Friday, September 27, 2013

Rogers partners with big 5 U.S.publishers on digital newsstand service Next Issue Canada

A couple of years ago Brian Segal, then the president of Rogers Publishing, said on a public stage how he admired Next Issue Media  in the U.S. and thought that it was pursuing a business model that might work for mainstream magazines in this country, and Rogers in particular. 

Next Issue was a joint venture formed in 2009 by five leading U.S. publishers -- Condé Nast, Hearst, Meredith, NewsCorp, and Time Inc.-- a digital subscription service that offered unlimited access (only in the United States) to online magazines for a monthly flat fee. (It's sometimes called the "Netflix of magazines".) 

Now it has been announced that Rogers has joined as a partner with the U.S. enterprise and has created Next Issue Canada  . And it would seem it is so committed to the idea that Ken Whyte has been appointed president of the new venture, relinquishing his role as head of Rogers Publishing Limited and its consumer and b2b magazine portfolio. He had been named to the job in June 2011, succeeding Segal, after a steady rise.  

Whyte and Melissa Rogers (daughter of the late owner of the company Ted Rogers) will take seats on the board of Next Issue. A story in the Globe and Mail quoted Whyte as saying Rogers had made an "eight digit investment" and was an equal partner in the venture. The U.S. partners will see it as a way of gaining access to all of Rogers's digital channels through its broadcast, sports and other internet properties.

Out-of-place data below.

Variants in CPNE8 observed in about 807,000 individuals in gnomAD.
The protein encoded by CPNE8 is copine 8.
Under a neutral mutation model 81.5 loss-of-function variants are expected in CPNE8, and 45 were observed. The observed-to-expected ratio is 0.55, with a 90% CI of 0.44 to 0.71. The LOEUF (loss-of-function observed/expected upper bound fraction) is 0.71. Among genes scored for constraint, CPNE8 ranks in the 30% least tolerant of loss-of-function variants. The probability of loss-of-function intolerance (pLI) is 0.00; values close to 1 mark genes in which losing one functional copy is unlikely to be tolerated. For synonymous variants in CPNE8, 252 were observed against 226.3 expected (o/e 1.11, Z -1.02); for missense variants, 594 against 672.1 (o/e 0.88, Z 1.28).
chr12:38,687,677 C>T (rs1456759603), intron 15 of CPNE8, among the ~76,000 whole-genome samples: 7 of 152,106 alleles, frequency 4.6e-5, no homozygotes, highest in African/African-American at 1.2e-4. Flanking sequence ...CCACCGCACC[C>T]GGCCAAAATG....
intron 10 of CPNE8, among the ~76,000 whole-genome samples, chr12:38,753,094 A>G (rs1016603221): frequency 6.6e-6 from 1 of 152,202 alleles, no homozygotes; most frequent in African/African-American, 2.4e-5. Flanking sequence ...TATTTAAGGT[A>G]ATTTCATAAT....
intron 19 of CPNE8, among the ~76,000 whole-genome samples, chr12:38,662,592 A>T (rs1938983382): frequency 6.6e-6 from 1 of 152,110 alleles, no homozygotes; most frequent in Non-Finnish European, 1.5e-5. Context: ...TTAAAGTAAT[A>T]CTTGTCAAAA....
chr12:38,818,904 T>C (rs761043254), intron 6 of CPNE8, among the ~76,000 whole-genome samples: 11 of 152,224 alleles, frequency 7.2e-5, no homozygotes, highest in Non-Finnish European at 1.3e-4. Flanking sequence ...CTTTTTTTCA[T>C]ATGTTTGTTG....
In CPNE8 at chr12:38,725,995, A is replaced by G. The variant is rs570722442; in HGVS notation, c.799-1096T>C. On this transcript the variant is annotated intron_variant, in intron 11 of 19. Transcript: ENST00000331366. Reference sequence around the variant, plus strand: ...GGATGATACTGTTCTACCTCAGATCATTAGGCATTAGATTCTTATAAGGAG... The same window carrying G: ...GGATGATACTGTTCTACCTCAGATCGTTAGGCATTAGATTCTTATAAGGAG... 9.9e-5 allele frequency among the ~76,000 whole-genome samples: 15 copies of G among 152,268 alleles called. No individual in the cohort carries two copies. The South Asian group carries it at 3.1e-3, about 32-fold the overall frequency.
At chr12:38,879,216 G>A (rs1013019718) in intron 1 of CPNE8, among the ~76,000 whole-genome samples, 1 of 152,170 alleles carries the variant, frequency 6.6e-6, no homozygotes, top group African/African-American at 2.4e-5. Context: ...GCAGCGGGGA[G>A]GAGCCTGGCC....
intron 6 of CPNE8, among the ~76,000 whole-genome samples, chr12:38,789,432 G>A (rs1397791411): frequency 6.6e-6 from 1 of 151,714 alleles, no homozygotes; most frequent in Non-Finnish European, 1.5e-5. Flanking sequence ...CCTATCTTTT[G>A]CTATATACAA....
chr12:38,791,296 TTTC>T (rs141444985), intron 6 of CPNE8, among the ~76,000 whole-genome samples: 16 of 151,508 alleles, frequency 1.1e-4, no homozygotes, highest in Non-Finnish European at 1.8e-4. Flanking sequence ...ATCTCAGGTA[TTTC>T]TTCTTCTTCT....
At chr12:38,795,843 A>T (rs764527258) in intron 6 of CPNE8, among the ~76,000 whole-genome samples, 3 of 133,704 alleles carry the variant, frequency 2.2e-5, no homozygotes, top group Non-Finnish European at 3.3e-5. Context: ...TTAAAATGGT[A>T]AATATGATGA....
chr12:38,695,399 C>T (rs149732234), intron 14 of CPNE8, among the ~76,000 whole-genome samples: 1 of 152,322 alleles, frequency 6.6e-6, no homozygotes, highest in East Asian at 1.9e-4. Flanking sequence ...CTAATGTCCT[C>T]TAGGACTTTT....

"The Next Issue platform is the future of magazine content consumption. It was the first all-you-can-read subscription digital magazine service, serving up the world's best magazines in a format that enhances what readers love about magazines: the sensory experience, the stunning visuals, in-depth content and the discovery of the unexpected," said Whyte [in a release]. "Next Issue Canada delivers added value with an all-you-can-read experience. It retains the best of print while making the content come to life vividly, giving readers a more personalized, interactive experience. As a result, the magazine of today is even more powerful than the magazine of yesterday."
Ken Whyte to head
Next Issue Canada
Which is ironic given that Rogers is one of the biggest players on Canadian newsstands and was, at one time (through its Coast to Coast division) one of the principal distributors. And given that Rogers direct mail subscription service remains one of the principal means through which physical subscriptions (both Canadian and U.S.) have been and are sold to Canadian readers. 

In the release, Rogers said the exclusive partnership with Next Issue Media would be made available free for a two-month trial exclusively to Rogers wireless and cable customers on tablets (iPads, Android devices and starting October 15; it would then be rolled out to all Canadians December 15 and give subscribers unlimited access to more than 100 Canadian and U.S. titles for one monthly payment of $9.99 for all monthly magazines ($14.99 for all weekly publications such as Maclean's). And Rogers titles will be available to U.S. Next Issue subscribers.

Initially, Next Issue Canada will be an English service, with a French version to  follow in 2014. 

It remains to be seen how quickly digital editions will be taken up by Canadian subscribers. Right now, the three leading titles are Canadian House & Home with 11,000, Readers Digest with 6,700 and Maclean's magazine with 5,600 (less than 2% of its print and newsstand sales). 

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Anonymous Anonymous said...

How does revenue get shared? (When they get up to 200 participating pubs, do you get $.01 instead of $.02?) How do you know who read your magazine? How many $19.95 subs do you lose to this?

1:48 pm  

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